At the eighth annual TIA Tennis Forum held last week at the Grand Hyatt New York City, right before play began at the 2015 US Open, officials at the TIA (Tennis Industry Association) and USTA (United States Tennis Association) unveiled a new campaign, “Rally the Family,” designed to drive tennis participation.

The event concluded with an emotional ceremony honoring Peter Burwash, a former player and coach who founded (PBI), the world's largest tennis-management company. He became the 10th inductee into the Tennis Industry Hall of Fame. But much of the forum focused on the latest news about the state of the tennis industry, including participation, equipment sales data, and grassroots initiatives.

On the encouraging side, Greg Mason, president of the TIA and VP of sales and marketing for Head/Penn, noted that the 2015 Physical Activity Council (PAC) Participation study showed that total tennis participation in 2014 increased 1.3 percent to 17.9 million. Over the last ten years, tennis remained the lone major activity with an increase, up 6 percent, compared to other sports showing overall declines, such as soccer, volleyball, basketball, fishing, racquetball, golf, baseball and football, according to the PAC study.

Backed by industry efforts, the number of players in the 6- to 12-year-old age bracket increased 4 percent in 2014 to 2.14 million, while 13- to 17-year-old players grew 9 percent to 2.23 million.

Less encouragingly, participation by core players (10+ times a year) declined 1.1 percent in 2014 to 9.91 million players. Core players account for almost 90 percent of annual consumer expenditures and 93 percent of all play occasions. Pointing to an aging base of core players, the percentage of adult core players in the 18-to-24 age segment dropped nearly 3 percent while core players ages 55-plus increased 1 percent.

Most discouragingly, sales of entry-level rackets have decreased 40 over the last ten years, pointing to challenges getting newcomers to try the sport. The item is particularly challenged to reduced distribution at chain and mass merchant stores.

Kurt Kamperman, chief executive of Community Tennis for the USTA, said the “Rally the Family” theme is in part a response to the arrival of devices such as smartphones and iPads and its impact on families. Surveys show that families want to “spend time together and want to be active.” Ultimately, however, spending time together leads to families watching TV or eating dinner out together but not engaging since everyone is on their own electronic device.

The campaign also addresses “professionalization of team sports,” where many school kids will specialize in one sport year-round. Said Kamperman,  “To the Millennial family today, sports means a lot of work, a lot of expense and a lot of travel. And that’s not for everybody.”

Tennis can be the answer to family togetherness and the stress of sports specialization by making it more of a family activity. Kamperman said the use of lower compression Red, Orange and Green (ROG) tennis balls, along with shorter courts, shorter racquets and modified scoring can bring more kids into the game in a fun, social way. Tennis can be a sport that familes “play in a driveway” and “an activity just like running, just like playing Monopoly, just like throwing horseshoes in the backyard.”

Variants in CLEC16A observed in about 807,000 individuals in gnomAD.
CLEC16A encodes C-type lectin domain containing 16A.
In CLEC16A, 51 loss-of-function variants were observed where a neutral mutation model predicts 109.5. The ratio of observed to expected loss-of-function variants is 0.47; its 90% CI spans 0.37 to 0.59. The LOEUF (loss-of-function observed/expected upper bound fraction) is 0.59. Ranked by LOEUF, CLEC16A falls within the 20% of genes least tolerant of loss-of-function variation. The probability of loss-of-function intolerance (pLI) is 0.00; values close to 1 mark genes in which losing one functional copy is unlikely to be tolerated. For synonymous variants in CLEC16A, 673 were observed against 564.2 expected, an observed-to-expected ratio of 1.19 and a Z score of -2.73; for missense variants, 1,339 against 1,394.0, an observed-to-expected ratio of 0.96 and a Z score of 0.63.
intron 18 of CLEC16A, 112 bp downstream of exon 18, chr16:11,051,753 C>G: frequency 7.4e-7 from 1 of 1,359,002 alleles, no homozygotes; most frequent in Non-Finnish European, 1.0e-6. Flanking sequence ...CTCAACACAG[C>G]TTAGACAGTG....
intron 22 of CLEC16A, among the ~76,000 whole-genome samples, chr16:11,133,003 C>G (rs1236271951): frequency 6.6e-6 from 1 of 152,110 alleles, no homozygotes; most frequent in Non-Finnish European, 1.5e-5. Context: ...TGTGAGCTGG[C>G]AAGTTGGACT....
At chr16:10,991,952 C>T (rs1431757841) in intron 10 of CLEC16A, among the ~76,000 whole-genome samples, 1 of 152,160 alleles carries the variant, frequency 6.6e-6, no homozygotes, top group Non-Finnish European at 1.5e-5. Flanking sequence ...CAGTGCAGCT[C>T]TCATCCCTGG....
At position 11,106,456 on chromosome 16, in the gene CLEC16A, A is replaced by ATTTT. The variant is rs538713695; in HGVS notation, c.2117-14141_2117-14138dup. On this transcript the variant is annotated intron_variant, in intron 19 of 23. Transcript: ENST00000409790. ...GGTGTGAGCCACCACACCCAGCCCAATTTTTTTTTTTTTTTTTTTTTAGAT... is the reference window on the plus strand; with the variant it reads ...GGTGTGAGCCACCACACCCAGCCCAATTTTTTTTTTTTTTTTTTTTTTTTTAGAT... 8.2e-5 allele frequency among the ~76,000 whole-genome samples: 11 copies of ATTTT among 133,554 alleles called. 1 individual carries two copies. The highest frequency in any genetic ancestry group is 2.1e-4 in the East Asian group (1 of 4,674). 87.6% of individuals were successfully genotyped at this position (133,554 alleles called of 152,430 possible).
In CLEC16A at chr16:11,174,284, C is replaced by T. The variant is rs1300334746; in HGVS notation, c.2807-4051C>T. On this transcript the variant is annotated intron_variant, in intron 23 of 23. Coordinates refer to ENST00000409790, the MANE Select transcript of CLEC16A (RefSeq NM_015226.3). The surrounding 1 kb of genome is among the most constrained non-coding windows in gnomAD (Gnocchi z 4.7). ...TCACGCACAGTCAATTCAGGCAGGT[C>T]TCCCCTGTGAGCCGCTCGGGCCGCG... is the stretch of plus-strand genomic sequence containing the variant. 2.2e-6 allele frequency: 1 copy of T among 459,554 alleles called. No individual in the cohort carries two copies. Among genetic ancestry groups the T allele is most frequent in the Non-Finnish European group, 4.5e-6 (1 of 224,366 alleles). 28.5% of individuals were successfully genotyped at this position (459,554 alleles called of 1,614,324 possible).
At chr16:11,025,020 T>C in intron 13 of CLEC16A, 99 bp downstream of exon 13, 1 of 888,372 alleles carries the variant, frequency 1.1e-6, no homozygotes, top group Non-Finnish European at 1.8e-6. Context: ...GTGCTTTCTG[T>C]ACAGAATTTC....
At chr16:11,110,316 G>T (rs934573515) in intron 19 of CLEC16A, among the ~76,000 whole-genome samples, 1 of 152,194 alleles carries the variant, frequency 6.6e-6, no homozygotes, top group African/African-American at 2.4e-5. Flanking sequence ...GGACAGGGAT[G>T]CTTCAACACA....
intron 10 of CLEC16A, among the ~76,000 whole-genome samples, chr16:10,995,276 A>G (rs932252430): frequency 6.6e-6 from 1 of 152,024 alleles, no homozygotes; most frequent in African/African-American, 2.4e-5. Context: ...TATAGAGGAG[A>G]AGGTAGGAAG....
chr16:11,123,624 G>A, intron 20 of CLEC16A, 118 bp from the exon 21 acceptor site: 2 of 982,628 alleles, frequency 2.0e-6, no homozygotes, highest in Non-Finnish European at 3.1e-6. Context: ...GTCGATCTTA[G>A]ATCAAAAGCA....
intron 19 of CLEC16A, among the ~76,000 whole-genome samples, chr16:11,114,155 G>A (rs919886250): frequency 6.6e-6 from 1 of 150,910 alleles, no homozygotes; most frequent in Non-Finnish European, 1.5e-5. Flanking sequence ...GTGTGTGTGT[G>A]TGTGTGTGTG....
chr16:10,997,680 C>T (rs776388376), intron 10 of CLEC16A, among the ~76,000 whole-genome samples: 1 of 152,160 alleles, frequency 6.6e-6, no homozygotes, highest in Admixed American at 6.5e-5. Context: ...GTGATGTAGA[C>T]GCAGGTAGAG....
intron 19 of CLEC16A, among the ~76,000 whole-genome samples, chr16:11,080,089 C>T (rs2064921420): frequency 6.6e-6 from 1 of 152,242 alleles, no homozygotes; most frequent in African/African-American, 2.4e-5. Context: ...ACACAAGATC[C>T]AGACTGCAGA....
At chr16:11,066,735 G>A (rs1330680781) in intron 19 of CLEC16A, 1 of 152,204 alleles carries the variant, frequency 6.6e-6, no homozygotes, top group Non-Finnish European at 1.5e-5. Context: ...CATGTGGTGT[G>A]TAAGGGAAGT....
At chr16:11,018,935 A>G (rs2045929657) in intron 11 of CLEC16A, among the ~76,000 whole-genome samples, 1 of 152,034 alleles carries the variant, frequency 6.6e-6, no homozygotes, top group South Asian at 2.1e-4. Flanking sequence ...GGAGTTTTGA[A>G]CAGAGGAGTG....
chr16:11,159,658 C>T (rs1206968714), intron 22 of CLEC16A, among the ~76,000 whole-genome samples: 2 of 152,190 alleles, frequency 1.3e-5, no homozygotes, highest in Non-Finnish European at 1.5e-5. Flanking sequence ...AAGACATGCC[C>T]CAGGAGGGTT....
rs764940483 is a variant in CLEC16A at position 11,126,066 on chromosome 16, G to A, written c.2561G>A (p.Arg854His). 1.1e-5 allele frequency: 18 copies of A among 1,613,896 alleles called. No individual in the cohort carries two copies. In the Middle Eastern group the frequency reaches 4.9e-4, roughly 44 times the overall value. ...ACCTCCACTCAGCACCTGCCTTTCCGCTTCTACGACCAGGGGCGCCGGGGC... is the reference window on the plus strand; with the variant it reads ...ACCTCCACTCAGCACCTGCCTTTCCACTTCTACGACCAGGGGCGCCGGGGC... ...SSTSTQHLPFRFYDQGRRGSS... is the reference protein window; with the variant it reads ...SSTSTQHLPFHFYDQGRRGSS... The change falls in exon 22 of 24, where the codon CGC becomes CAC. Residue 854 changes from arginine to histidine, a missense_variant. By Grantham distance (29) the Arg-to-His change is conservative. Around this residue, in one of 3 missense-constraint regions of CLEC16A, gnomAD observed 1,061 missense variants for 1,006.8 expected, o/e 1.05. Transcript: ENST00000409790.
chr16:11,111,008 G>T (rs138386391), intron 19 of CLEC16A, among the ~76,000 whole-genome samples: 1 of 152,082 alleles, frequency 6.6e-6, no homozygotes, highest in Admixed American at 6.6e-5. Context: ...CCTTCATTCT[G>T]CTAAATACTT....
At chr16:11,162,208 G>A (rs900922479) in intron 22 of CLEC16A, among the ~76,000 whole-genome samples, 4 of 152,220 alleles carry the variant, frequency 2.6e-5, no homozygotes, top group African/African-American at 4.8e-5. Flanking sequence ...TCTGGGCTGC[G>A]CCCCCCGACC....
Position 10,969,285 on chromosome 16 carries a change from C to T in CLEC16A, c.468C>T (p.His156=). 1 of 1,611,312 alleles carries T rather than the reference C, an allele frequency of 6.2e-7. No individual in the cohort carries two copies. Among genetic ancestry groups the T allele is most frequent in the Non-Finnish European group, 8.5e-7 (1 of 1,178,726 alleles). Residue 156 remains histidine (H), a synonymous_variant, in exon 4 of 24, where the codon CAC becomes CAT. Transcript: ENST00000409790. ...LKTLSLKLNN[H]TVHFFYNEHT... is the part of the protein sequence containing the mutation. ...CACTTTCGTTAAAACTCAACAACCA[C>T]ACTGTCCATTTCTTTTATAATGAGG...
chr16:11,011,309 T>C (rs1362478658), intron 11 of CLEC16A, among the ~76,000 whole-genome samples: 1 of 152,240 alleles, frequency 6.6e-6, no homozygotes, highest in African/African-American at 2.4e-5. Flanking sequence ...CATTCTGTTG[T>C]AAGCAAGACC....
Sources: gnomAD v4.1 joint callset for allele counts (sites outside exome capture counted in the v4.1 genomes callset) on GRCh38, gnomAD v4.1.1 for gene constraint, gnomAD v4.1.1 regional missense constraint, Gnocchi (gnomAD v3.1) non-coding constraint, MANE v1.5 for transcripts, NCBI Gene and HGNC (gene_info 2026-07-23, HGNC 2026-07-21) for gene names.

The overall mantra of the “Rally the Family” campaign, according to Kamperman, reads: “It’s time to take a stand. To take action. To get your family back and just as importantly to get them moving together. All while having a fun time doing it. And all you really need to get started is a racket and a ball. Leave the rules, the uniform and even the court behind. Not to mention the pressure and expectations. A game like tennis is something any family can rally around. So mom, dad, grandma, kids – it doesn't matter who’s leading the charge. It’s time to rally the family.”

Also speaking at the event was Katrina Adams, the USTA president and CEO, who detailed the progress her organization was making improving sportsmanship by encouraging parents and kids to sign an oath at tournaments. The USTA is also making progress engaging Hispanic communities to introduce them to the sport. Said Adams, “We need to bring different groups into our sport that aren’t there now to grow tennis.”

A third initiative for USTA is focusing on high schools. Adams pointed to the challenges engaging students who are playing so many other sports, and the importance to enabling tennis play outside of school. She pointed to the 2015 New Balance High School Tennis Championship, held in Boston in July and now in its second year, as a program with potential to expand to other cities.

But Adams added that like the new tennis industry campaign, “all three of those initiatives really evolve around family.”

Mason said the “Rally the Family” program will be tested in six markets this fall before it is officially launched in the second quarter of 2016. He encouraged many of the tennis industry professionals attending the forum to explore ways to get the “Rally the family” message out via social media or local community events. He remarked, “This is first time in at least five or six years that the USTA and the industry has really come together to get people on the court and the opportunity is with us now.”